- Pre-kid romance: bringing her flowers, commenting on her hot tush, nuzzling her neck.
- Post-kid romance: folding the laundry without her asking and putting it away, then noticing that she seems exhausted and running her a bath while you take on whatever other tedious household task needs to be finished. She'll be panting in the bedroom by the time you're done, I promise.
- Another gross generalization supported by scientific research: Sex tends to mean different things for men than it does for women. Women see sex as an expression of pre-existing emotional intimacy, while men see sex as the path to that intimacy. Women tend to be more satisfied with both sex and marriage when their partners behave lovingly and affectionately toward them, and commonly cite things that indicate verbal intimacy—like having a heartfelt conversation—as something that leads to sexual activity. Verbal intimacy—those deep discussions where you really connect in a positive way—really stokes the fire. If you aren't having sex as often as you'd like, start by connecting with your partner through conversation.
Despite these dismal gender differences, here's some better news: Sexual famine is not necessarily a given after we have kids. The majority of couples get back to having sex about twice a week. But until biology starts working for you again, find a way to resist those forces that throw water on the flames—social, interpersonal and biological—the best you can.
If you can't seem to make it happen any other way, schedule time for sex with your partner. It may seem cold and unromantic, but the fact is, any kind of sexual interaction triggers a wash of feel-good chemicals in our brains. There is evidence to suggest that once you are happily married, you'll do best to think of sex like exercise—we might be loath to get off of the couch at first, but once we get going, we'll be glad we did. (The first push-up is always the hardest.)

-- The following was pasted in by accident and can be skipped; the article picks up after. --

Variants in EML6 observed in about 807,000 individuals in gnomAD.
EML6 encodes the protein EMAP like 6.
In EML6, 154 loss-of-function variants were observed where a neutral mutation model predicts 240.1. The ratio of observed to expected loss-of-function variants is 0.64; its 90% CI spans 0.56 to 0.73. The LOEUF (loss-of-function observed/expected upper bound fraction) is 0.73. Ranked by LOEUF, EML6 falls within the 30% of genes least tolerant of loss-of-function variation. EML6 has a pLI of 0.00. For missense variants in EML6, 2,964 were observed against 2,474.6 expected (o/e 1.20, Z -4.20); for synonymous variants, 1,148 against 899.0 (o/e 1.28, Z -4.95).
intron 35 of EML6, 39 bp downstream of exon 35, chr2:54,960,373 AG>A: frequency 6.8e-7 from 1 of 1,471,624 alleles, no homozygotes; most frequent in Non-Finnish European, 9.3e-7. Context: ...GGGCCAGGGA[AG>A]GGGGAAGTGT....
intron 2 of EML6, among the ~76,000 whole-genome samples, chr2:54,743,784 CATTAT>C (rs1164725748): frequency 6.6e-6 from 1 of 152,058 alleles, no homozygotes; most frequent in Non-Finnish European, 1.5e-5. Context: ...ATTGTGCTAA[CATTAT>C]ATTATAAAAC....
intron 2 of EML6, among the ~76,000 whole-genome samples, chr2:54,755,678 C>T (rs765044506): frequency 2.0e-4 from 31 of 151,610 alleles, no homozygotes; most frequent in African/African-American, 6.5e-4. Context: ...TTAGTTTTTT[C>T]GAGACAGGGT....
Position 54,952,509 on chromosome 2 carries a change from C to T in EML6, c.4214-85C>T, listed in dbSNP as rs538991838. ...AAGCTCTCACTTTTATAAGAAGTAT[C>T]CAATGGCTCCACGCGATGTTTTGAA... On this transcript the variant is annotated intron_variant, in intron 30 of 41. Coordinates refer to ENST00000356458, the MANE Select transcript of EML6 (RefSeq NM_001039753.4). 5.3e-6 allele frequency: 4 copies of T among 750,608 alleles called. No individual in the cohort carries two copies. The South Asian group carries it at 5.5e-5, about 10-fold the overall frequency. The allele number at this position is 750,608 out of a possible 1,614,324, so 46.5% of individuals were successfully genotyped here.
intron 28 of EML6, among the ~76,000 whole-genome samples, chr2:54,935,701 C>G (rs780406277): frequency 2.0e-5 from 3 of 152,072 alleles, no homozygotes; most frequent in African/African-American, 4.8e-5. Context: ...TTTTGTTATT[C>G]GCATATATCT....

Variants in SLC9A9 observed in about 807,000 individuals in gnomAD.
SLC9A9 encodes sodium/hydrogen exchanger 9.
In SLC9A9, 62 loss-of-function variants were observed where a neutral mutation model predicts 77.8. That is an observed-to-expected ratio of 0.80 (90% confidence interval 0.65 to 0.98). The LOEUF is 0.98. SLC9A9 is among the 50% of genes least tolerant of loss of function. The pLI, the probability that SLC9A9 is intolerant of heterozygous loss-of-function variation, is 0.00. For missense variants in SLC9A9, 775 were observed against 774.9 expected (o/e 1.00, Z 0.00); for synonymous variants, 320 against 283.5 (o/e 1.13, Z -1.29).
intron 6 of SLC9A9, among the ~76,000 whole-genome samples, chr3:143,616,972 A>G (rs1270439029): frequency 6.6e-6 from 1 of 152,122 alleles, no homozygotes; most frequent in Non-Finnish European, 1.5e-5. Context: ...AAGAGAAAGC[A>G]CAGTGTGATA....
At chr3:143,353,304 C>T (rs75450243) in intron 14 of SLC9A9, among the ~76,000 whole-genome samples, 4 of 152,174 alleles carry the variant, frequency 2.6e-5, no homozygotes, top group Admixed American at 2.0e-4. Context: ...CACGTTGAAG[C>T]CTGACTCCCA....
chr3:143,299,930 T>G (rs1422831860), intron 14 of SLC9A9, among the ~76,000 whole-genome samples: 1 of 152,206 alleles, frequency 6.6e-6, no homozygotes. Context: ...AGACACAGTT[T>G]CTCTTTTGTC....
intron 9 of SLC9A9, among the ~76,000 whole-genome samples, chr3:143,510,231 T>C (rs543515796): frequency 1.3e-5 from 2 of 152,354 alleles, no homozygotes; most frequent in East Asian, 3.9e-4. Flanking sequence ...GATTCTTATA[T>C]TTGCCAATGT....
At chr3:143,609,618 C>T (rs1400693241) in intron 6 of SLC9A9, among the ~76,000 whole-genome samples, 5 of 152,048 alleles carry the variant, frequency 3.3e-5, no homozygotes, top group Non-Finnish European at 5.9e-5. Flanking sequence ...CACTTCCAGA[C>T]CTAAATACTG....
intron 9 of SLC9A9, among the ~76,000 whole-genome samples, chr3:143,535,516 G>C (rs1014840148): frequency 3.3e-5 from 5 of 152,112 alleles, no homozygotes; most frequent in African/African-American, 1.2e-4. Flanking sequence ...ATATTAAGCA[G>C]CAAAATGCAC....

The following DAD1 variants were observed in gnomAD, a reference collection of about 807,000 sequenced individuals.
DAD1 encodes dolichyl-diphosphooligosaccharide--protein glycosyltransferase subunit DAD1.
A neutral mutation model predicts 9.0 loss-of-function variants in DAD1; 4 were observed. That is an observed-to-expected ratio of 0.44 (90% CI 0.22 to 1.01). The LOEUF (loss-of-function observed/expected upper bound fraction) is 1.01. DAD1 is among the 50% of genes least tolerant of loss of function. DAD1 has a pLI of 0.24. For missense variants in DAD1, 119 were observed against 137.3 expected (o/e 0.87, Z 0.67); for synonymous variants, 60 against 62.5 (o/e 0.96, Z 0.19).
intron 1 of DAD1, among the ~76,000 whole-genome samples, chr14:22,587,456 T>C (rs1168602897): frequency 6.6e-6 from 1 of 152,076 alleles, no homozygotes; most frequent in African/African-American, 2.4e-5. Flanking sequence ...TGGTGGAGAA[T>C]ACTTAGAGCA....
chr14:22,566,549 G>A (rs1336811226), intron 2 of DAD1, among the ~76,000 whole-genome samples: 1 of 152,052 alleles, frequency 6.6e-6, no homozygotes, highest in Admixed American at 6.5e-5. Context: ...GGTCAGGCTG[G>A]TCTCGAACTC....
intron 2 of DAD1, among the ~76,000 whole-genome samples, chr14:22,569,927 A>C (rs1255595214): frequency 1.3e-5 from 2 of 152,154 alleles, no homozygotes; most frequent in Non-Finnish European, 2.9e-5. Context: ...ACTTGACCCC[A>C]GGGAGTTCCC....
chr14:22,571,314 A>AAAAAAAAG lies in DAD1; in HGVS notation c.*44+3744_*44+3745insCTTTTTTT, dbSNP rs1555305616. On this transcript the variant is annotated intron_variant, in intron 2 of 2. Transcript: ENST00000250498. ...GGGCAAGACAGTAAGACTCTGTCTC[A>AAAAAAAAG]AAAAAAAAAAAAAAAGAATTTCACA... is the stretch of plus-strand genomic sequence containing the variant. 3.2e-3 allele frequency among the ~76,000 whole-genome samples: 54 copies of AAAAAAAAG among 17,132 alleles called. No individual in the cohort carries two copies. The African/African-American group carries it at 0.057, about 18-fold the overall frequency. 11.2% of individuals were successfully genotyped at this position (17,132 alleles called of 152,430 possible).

Because intimacy in your relationship is so strongly related to marital satisfaction, it is important to keep those hearth fires alive if we want our marriages to survive until our children leave the nest (when many marriages experience a renaissance).
May your relationship's renaissance happen this week!
Published on Feb. 1, 2011; updated on May 12, 2014.
Dr. Christine Carter
Dr. Christine Carter, a sociologist at UC Berkeley's Greater Good Science Center, is the author of "Raising Happiness: 10 Simple Steps for More Joyful Kids and Happier Parents." She also writes a blog for Greater Good, which is syndicated on the Huffington Post and PsychologyToday.com. Dr. Carter has been quoted in Women's Health and Parenting magazines, The New York Times, Los Angeles Times, USA Today and dozens of other publications. She has appeared on the "Oprah Winfrey Show," the "Rachael Ray Morning Show," "The Daily Show with Jon Stewart," "CBS Sunday Morning," "ABC World News with Diane Sawyer" and NPR. Dr. Carter teaches parenting classes online throughout the year to a global audience on her website.